Lake Clifton bounces back, trips up No. 10 Mervo, 50-43

Tough loss to Douglass fails to throw off Lakers

Boys basketball

January 22, 2003|By Derek Toney | Derek Toney,SPECIAL TO THE SUN

Herman Harried wasn't sure which Lake Clifton team would show up for yesterday's Baltimore City League boys basketball game at Mervo, the one that was handled in two losses at the Basketball Academy mixer two weekends ago or the one that nearly upended top-ranked Douglass last week.

The Lakers answered their coach's concerns with a hard-fought 50-43 win over visiting and No. 10 Mervo. After blowing a five-point lead late in regulation on Douglass' home court, No. 7 Lake Clifton was able to maintain its composure in the final quarter against its East Baltimore foe.

"It's coming along," said Harried, standing outside the Lakers' locker room. "They're getting accustomed to each other, and to me. We're still learning each other as a team, they're still getting to learn me. ... It has taken time to jell."

The victory gives Lake Clifton (9-4 overall, 2-0 league) a huge foot up in Division I with triumphs over the Mustangs and No. 2 Dunbar. The Lakers have six divisional contests remaining. Mervo (10-4), which had its nine-game winning streak broken, fell to 3-1 in Division I.

Junior guard Donta Ridley scored a game-high 19 points for the Lakers, with Parris Carter adding 10. Junior guard Chester Frazier led the Mustangs with 15, and Paul Frazier had 10.

Ridley, who missed two free throws late in regulation against Douglass, stymied the Mustangs' fourth-quarter charge yesterday. With Lake Clifton holding a 37-33 lead, Ridley followed a layup with a steal of the inbounds pass and another layup, extending the Lakers' advantage to 41-33.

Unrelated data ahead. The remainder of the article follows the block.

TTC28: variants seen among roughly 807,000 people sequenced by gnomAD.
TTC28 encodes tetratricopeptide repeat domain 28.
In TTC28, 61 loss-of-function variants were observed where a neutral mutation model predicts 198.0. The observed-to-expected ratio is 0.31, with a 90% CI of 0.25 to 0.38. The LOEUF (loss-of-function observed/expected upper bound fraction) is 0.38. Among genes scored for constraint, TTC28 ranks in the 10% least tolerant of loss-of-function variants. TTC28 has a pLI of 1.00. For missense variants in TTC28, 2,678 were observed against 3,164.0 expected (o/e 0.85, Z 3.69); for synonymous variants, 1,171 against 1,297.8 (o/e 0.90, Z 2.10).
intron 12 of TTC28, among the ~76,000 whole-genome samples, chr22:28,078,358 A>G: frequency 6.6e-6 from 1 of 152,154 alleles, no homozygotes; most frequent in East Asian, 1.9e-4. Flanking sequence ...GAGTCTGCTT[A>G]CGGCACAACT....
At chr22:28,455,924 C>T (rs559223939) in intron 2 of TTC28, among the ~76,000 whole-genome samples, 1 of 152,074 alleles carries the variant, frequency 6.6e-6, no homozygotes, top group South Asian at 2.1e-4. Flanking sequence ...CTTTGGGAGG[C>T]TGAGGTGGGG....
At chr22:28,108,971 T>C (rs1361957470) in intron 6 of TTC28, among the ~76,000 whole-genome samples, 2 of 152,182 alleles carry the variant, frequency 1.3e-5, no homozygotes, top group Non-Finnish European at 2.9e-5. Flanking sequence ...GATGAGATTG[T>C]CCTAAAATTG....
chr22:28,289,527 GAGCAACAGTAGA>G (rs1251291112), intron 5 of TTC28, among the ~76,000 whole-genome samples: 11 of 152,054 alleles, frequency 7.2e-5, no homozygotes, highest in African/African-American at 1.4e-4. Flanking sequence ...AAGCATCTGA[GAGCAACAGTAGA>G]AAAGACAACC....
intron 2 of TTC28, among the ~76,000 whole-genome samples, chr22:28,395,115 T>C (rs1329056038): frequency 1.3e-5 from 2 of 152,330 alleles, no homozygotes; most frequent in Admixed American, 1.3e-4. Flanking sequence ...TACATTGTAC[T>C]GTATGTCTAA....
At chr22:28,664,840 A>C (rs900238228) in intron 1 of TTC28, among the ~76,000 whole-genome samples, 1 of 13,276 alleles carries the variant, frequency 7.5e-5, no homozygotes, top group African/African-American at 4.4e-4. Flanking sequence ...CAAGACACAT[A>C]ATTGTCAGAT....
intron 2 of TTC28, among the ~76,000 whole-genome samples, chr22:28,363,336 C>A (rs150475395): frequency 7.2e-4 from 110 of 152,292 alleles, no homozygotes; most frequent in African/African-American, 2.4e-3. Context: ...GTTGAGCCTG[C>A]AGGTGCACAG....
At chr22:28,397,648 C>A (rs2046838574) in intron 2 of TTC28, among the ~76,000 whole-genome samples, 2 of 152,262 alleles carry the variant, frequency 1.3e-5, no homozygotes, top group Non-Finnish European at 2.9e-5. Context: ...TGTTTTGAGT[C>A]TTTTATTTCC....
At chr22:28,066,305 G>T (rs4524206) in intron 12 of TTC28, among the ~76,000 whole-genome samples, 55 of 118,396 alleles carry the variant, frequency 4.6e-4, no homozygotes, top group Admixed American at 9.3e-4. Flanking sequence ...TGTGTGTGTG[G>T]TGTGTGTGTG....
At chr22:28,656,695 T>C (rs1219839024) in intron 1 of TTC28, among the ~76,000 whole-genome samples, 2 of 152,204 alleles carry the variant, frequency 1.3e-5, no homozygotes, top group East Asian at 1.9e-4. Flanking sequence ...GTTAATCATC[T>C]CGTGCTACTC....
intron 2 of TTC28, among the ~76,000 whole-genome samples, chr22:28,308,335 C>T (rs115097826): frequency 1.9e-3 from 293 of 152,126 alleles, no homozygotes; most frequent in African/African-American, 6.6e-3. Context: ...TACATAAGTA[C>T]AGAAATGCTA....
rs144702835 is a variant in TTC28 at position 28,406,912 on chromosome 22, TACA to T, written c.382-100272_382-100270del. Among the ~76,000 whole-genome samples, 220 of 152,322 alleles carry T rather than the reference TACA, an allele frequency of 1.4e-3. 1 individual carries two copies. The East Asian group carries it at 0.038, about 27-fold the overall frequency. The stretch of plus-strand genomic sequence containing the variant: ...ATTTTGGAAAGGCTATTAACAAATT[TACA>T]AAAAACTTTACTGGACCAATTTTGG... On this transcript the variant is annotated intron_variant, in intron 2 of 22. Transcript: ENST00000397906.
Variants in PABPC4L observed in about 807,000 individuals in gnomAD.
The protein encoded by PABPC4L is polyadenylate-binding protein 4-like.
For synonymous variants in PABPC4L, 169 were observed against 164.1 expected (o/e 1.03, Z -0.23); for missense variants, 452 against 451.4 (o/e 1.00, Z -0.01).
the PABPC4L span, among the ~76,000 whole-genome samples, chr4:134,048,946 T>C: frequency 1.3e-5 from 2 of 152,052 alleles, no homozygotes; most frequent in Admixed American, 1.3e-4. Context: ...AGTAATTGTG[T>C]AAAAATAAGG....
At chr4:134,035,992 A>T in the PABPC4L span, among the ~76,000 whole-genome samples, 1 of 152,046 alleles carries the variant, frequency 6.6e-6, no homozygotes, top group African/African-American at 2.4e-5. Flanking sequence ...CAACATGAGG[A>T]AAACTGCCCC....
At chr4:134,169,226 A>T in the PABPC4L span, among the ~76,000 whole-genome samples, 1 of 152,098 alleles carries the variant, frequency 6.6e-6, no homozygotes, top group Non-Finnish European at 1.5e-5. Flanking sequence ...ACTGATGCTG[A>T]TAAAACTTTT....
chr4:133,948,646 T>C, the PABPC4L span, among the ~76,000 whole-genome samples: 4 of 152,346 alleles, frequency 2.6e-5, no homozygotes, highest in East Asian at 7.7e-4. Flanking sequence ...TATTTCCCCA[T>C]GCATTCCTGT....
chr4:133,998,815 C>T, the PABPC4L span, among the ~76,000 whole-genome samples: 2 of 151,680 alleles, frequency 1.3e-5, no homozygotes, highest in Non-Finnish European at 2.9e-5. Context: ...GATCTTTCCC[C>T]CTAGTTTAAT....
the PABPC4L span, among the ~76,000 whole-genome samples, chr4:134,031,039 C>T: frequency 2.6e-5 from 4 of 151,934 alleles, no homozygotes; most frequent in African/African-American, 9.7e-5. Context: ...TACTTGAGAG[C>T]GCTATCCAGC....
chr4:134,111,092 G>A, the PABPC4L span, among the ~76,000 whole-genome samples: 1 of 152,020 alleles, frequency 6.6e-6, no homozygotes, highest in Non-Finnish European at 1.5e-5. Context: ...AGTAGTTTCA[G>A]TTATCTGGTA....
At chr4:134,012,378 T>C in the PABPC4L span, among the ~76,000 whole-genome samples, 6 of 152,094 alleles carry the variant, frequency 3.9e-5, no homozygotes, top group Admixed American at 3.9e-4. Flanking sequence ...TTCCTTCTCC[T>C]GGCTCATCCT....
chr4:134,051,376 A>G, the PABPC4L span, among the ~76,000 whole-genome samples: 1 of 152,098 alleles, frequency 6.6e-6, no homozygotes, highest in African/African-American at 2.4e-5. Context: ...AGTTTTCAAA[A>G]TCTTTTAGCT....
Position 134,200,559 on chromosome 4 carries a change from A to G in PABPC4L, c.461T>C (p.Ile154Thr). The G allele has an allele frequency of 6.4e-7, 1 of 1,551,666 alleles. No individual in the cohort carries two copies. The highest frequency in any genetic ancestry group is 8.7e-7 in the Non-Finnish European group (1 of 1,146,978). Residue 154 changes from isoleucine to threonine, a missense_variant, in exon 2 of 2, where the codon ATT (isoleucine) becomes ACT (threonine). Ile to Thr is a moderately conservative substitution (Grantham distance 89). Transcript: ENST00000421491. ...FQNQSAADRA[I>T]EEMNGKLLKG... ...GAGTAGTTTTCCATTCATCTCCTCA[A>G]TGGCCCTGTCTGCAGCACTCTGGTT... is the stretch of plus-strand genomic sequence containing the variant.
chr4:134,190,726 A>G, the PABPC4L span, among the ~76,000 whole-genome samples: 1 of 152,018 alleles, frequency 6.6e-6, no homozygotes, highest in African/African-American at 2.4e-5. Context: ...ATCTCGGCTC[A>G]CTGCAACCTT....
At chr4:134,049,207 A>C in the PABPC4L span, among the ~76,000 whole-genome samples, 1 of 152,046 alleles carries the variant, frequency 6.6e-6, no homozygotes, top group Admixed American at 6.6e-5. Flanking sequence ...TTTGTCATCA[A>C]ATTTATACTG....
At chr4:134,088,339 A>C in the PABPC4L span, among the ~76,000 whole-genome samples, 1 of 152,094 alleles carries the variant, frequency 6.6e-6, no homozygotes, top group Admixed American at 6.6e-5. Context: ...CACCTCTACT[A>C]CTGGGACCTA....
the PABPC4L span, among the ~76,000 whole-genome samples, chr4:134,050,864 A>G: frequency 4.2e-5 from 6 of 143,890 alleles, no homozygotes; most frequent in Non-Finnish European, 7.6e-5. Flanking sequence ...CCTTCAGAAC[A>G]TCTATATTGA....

"We had to put that behind us and move forward," Ridley said of the Douglass loss. "We just needed to come out and play hard."

The Mustangs got back within 48-43 with 72 seconds remaining on a jumper by Joseph Marshall. Mervo forced a turnover, but a three-pointer by Marshall rattled out.

The miss was the final salvo of a frustrating shooting performance by the Mustangs. They missed 42 of 56 shots, including several layups.

"We just couldn't hit the open shots," Mustangs coach Daryl Wade said. "It's too late to chalk this up as a learning experience. It was a poorly played game, take nothing away from Lake Clifton, we didn't show up."

Carter's two free throws with 47.7 seconds remaining closed out the game's scoring.

The Mustangs defeated Lake Clifton twice last season, including a 33-point victory in the Class 4A North regional final.

It was obvious early yesterday that neither team would be able to pull away, turning the ball over 22 times and shooting a combined 5-for-22 in the opening period. Lake Clifton took a 25-19 lead into the half.

The Lakers owned their largest lead, 37-24, after a reverse layup by Carter with 2:02 to play in the third.

"We played well and stuck to our game plan," said Harried, whose Lakers were 18-for-49 from the field. "We got out of sync, but we realized what worked for us. It was a tough game."

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